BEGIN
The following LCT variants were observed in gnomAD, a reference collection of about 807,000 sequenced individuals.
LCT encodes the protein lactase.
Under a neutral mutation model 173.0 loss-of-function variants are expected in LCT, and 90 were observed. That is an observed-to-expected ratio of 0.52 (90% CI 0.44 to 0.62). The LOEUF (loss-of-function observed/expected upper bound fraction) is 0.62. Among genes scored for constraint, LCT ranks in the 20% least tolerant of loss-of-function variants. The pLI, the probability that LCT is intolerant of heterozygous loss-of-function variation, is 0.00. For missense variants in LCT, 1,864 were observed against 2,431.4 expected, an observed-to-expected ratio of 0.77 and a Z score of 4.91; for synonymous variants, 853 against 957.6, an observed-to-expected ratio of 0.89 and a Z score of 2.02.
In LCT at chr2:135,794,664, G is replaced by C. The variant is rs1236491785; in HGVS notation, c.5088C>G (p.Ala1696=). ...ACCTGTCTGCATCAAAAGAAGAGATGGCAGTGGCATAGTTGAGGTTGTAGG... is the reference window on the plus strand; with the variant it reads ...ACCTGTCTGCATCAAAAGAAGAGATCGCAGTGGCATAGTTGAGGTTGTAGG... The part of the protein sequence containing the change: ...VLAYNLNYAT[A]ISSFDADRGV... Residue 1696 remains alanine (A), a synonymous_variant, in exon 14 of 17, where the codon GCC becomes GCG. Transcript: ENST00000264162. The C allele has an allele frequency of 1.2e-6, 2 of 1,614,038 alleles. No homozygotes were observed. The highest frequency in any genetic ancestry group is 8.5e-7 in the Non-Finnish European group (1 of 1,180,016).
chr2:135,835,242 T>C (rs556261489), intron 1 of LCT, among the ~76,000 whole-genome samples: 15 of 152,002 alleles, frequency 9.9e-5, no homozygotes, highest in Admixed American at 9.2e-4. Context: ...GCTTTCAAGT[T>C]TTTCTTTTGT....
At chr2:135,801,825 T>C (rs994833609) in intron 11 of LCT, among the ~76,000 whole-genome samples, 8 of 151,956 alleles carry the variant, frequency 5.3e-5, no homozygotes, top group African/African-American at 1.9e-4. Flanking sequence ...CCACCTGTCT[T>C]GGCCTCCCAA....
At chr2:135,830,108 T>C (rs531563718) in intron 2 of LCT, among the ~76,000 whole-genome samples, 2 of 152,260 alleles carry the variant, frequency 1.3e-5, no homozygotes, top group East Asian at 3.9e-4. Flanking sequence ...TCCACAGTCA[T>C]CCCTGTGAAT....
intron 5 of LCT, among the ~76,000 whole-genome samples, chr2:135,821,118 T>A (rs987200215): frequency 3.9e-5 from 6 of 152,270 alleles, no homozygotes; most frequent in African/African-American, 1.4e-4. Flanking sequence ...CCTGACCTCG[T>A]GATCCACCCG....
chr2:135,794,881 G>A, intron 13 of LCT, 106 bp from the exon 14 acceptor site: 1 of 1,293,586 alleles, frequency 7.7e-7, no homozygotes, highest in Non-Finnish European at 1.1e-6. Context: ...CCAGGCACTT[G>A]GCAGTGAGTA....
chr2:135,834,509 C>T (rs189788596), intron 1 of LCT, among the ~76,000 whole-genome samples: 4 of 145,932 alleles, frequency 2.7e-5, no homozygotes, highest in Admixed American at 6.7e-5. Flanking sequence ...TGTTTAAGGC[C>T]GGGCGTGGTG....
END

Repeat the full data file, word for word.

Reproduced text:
The following LCT variants were observed in gnomAD, a reference collection of about 807,000 sequenced individuals.
LCT encodes the protein lactase.
Under a neutral mutation model 173.0 loss-of-function variants are expected in LCT, and 90 were observed. That is an observed-to-expected ratio of 0.52 (90% CI 0.44 to 0.62). The LOEUF (loss-of-function observed/expected upper bound fraction) is 0.62. Among genes scored for constraint, LCT ranks in the 20% least tolerant of loss-of-function variants. The pLI, the probability that LCT is intolerant of heterozygous loss-of-function variation, is 0.00. For missense variants in LCT, 1,864 were observed against 2,431.4 expected, an observed-to-expected ratio of 0.77 and a Z score of 4.91; for synonymous variants, 853 against 957.6, an observed-to-expected ratio of 0.89 and a Z score of 2.02.
In LCT at chr2:135,794,664, G is replaced by C. The variant is rs1236491785; in HGVS notation, c.5088C>G (p.Ala1696=). ...ACCTGTCTGCATCAAAAGAAGAGATGGCAGTGGCATAGTTGAGGTTGTAGG... is the reference window on the plus strand; with the variant it reads ...ACCTGTCTGCATCAAAAGAAGAGATCGCAGTGGCATAGTTGAGGTTGTAGG... The part of the protein sequence containing the change: ...VLAYNLNYAT[A]ISSFDADRGV... Residue 1696 remains alanine (A), a synonymous_variant, in exon 14 of 17, where the codon GCC becomes GCG. Transcript: ENST00000264162. The C allele has an allele frequency of 1.2e-6, 2 of 1,614,038 alleles. No homozygotes were observed. The highest frequency in any genetic ancestry group is 8.5e-7 in the Non-Finnish European group (1 of 1,180,016).
chr2:135,835,242 T>C (rs556261489), intron 1 of LCT, among the ~76,000 whole-genome samples: 15 of 152,002 alleles, frequency 9.9e-5, no homozygotes, highest in Admixed American at 9.2e-4. Context: ...GCTTTCAAGT[T>C]TTTCTTTTGT....
At chr2:135,801,825 T>C (rs994833609) in intron 11 of LCT, among the ~76,000 whole-genome samples, 8 of 151,956 alleles carry the variant, frequency 5.3e-5, no homozygotes, top group African/African-American at 1.9e-4. Flanking sequence ...CCACCTGTCT[T>C]GGCCTCCCAA....
At chr2:135,830,108 T>C (rs531563718) in intron 2 of LCT, among the ~76,000 whole-genome samples, 2 of 152,260 alleles carry the variant, frequency 1.3e-5, no homozygotes, top group East Asian at 3.9e-4. Flanking sequence ...TCCACAGTCA[T>C]CCCTGTGAAT....
intron 5 of LCT, among the ~76,000 whole-genome samples, chr2:135,821,118 T>A (rs987200215): frequency 3.9e-5 from 6 of 152,270 alleles, no homozygotes; most frequent in African/African-American, 1.4e-4. Flanking sequence ...CCTGACCTCG[T>A]GATCCACCCG....
chr2:135,794,881 G>A, intron 13 of LCT, 106 bp from the exon 14 acceptor site: 1 of 1,293,586 alleles, frequency 7.7e-7, no homozygotes, highest in Non-Finnish European at 1.1e-6. Context: ...CCAGGCACTT[G>A]GCAGTGAGTA....
chr2:135,834,509 C>T (rs189788596), intron 1 of LCT, among the ~76,000 whole-genome samples: 4 of 145,932 alleles, frequency 2.7e-5, no homozygotes, highest in Admixed American at 6.7e-5. Flanking sequence ...TGTTTAAGGC[C>T]GGGCGTGGTG....